The Iraqis and the Iranians have previously exchanged remains and prisoners of war, but Sunday's pomp-filled ceremony raised hope that the agreement could lead to closure for the relatives of those killed or missing on both sides.
"We hope that this tragedy ends as soon as possible and this file is closed forever ... so that the families can have some rest after learning the fate and the whereabouts of their loved ones," said Mahdi al-Tamimi, an official in Iraq's Human Rights Ministry.
The remains of 200 Iraqis and 41 Iranians were returned to their native countries at the Shalamcha border crossing near the southern Iraqi city of Basra. Only 23 of the Iraqi and 10 of the Iranian remains have been identified, according to the International Committee of the Red Cross, which oversaw the handover.
Mourners threw roses on the flag-covered wooden coffins, crying and beating their chests as the remains were borne by Iraqi soldiers and Iranian sailors to the border from both sides. Women shrouded in black Islamic robes wept as a brass band played for the procession.
More than 1 million people from both sides were killed or went missing during the 1980-1988 war.
Iraq and Iran agreed in mid-October to work together to gather and share information about the missing and to hand over any remains uncovered. It was the first direct agreement to tackle the problem together. Previously, each side dealt separately with the Red Cross.
"The return of the bodies is important for the families of the dead and an essential element in the process of dealing with the past," said Jamila Hammami, an ICRC delegate in charge of the missing persons file for Iraq.
Hammami, who was at the handover ceremony, said many of the families never lost hope.
Hopeful relatives with missing loved ones attended the ceremony, but officials said nobody on the Iraqi side claimed any of the returned bodies.
Relations between Iraq and Iran have dramatically improved after Saddam's 2003 ouster, which led to the empowerment of Iraq's majority Shiites after decades of oppression at the hands of the Sunni Arab minority, to which the late Saddam belonged.


[Source: “Iran/Iraq: Soldiers’ remains returned to families”, 22 January 2015, ICRC website, available at]
Baghdad/Tehran (ICRC) - The ICRC has once again participated in the handover of the remains of soldiers killed during the Iran-Iraq war.
The remains were repatriated to their respective countries on 22 January 2015 during a ceremony at the Shalamcha border crossing near Basra (Iraq), attended by military and civilian officials from both countries in the presence of ICRC staff. Of the remains repatriated during this ceremony, forensic teams have so far identified 46 of the Iranian soldiers and 3 of the Iraqi personnel. Work continues on identifying the others.
"Over 25 years have passed since the guns fell silent, yet thousands of families on both sides still don't know what happened to their loved ones," said Patrick Youssef, who heads the ICRC delegation in Iraq. "It is vital that families know the fate of their missing sons if they are to reach any kind of closure and deal with their pain."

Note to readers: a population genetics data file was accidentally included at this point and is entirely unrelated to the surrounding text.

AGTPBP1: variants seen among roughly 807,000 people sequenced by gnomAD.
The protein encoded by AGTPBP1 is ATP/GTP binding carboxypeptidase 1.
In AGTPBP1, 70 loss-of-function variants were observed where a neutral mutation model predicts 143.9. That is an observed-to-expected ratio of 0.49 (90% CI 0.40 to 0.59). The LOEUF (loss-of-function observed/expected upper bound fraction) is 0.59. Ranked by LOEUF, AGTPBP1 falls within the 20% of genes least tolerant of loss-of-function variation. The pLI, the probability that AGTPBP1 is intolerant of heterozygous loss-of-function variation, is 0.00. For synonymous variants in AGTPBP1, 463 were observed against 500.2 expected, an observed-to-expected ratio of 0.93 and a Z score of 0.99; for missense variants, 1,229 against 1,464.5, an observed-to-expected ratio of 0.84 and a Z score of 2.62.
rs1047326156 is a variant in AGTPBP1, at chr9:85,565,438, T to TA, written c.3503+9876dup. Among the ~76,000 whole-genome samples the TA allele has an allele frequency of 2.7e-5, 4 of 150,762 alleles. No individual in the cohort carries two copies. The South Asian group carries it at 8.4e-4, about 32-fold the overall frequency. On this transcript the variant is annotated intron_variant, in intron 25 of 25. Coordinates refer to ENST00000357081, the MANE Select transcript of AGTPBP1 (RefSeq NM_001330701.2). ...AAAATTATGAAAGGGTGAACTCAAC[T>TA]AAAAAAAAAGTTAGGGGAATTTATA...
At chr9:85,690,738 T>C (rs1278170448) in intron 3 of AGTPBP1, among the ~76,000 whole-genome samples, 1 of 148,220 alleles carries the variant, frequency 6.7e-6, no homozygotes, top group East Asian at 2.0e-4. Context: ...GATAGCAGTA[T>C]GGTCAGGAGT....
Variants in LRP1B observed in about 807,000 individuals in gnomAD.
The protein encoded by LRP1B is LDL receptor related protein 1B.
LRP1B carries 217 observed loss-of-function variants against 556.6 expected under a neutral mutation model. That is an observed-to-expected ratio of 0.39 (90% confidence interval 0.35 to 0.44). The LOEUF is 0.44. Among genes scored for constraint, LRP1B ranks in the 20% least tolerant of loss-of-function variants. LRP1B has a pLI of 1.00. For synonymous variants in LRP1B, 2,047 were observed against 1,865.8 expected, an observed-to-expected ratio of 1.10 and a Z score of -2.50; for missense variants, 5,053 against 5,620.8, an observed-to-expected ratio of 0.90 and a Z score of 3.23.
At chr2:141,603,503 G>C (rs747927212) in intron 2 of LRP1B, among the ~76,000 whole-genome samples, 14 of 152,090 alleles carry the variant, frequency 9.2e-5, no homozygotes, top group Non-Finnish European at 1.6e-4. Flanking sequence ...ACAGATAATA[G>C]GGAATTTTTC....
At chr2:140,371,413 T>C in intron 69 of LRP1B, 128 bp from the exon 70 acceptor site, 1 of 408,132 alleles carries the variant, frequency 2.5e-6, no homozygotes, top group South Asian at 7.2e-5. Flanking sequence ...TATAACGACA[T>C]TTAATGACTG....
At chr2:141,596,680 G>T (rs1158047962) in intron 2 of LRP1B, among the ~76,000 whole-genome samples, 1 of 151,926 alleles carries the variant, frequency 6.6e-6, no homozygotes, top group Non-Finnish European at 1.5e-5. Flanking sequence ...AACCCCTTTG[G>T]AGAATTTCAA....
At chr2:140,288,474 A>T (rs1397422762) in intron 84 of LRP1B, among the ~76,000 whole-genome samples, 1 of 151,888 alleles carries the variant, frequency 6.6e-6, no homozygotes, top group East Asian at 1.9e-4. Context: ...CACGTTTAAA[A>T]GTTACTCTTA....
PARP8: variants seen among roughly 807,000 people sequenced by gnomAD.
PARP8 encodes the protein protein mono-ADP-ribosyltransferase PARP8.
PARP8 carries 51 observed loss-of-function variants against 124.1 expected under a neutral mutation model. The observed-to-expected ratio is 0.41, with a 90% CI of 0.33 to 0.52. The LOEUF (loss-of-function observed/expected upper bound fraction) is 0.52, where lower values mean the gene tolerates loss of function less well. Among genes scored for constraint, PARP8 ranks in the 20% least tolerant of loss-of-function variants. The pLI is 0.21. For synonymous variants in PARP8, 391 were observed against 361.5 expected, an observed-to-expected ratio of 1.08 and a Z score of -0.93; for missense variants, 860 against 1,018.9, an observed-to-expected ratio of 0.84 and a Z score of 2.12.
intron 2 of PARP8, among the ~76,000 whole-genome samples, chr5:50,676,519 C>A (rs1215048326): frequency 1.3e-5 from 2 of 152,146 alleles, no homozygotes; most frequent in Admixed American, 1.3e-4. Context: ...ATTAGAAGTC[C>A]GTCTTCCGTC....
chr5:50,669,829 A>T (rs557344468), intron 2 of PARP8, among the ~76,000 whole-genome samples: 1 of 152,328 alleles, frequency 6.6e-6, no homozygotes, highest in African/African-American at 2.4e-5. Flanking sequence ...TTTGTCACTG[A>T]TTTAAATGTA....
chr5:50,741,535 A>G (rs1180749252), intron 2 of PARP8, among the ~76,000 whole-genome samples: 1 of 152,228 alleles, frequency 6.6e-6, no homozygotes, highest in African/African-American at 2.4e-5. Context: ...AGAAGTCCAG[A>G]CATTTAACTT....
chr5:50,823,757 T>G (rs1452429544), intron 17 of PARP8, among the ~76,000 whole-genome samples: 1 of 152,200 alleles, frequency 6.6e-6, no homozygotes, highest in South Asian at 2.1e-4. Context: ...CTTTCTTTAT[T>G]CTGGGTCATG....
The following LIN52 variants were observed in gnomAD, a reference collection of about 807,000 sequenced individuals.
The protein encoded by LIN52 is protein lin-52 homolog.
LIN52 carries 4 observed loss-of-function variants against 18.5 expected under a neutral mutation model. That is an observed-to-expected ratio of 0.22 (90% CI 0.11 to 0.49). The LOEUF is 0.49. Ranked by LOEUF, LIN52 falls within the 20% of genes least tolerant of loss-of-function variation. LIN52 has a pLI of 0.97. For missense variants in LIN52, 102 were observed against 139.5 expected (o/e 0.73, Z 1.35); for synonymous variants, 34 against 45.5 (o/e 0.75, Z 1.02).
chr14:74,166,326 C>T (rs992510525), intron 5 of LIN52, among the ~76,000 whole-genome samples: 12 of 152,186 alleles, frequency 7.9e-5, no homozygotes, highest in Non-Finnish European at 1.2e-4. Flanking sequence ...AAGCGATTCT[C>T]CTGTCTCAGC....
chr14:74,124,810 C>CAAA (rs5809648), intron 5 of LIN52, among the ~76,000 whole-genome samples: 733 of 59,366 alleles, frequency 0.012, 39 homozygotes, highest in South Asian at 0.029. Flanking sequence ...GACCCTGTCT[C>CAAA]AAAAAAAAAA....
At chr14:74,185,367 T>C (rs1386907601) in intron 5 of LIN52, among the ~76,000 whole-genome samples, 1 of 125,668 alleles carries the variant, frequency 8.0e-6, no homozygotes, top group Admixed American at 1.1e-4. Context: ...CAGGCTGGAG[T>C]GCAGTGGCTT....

The ICRC is currently assessing the needs of families of missing persons in Iraq to see what help they require.
"We applaud the steps already taken jointly to recover human remains from the Iran-Iraq war," said Olivier Martin, who heads the ICRC's mission in Iran. "In particular, today's ceremony is only possible thanks to the cooperation and determination of the Iranian and Iraqi governments."
Under international humanitarian law, families have a right to know the fate of their missing relatives. The two sides have shown commitment to ensure that this right is respected.


I. Classification of the Situation and Applicable Law
1. How would you classify the situation between Iraq and Iran during 1980-1988? What additional information would you need in order to make such a determination?  (CG I-IV, Art. 2)
II. Treatment of Missing and Dead Persons
2. What are the obligations of the parties to the conflict with respect to missing persons and their next-of-kin?
    a. Are the parties to the conflict required to take steps with the purpose of preventing the persons going missing in armed conflicts? If yes, what are these duties? (GC I, Arts 16, 17; GC II, Art. 19; GC III, Art. 122; GC IV, Arts 26, 136; P II, Art. 8; CIHL, Rule 117)
    b. When persons are reported missing what steps should parties to the conflict take to clarify the fate of such persons? What does IHL say about ‘the right to know’? (P I, Art. 33)
3. What are the obligations of parties to an international armed conflict with regards to the dead? How do these obligations relate to the duty to clarify the fate of missing persons? Are the parties to the conflicts obliged under IHL to return the remains of the dead to their family members? Are the relevant rules also applicable in non-international armed conflicts? (GC I, Arts 15, 16, 17; GC IV, Arts. 16, 129, 130, 131; P I, Art. 34; P II, Art. 8; CIHL, Rules 112, 113, 114, 115, 116)
4. Is there any prescription concerning the registration of graves and burial of mortal remains for parties to conflict? (GC I, Art. 17; GC II, Art. 20; P I, Art. 34)
5. What is the legal value of the Memorandum of Understanding signed among Iraq, Iran and the ICRC? How did this document helped to establish a cooperation between the two belligerent parties? What role is played by the ICRC in that regard?
III. Elements contributing to Respect for IHL
6.(Document A)  How did the Argentine Forensic Anthropology Team help in the identification of mortal remains in Iraq? Why is cooperation and sharing of best practices between countries facing similar situations so important to ensure better compliance with IHL? 
7. How can technological and medical innovations support the fulfilment of IHL obligations?
8. (Documents B, C) Why is respect for the families' "right to know" important to facilitate the return to peace once hostilities have ceased?
9. (Documents A, B and C) In what ways does the ICRC work to support ongoing efforts to "shed light on the fate of persons disappeared during the Iraq-Iran war"? What about other NGOs? Are the Iraqi and Iranian governments also involved in such activities? In what ways? How do you explain that the agreement between Iraq and Iran was the first ever direct agreement between the two countries?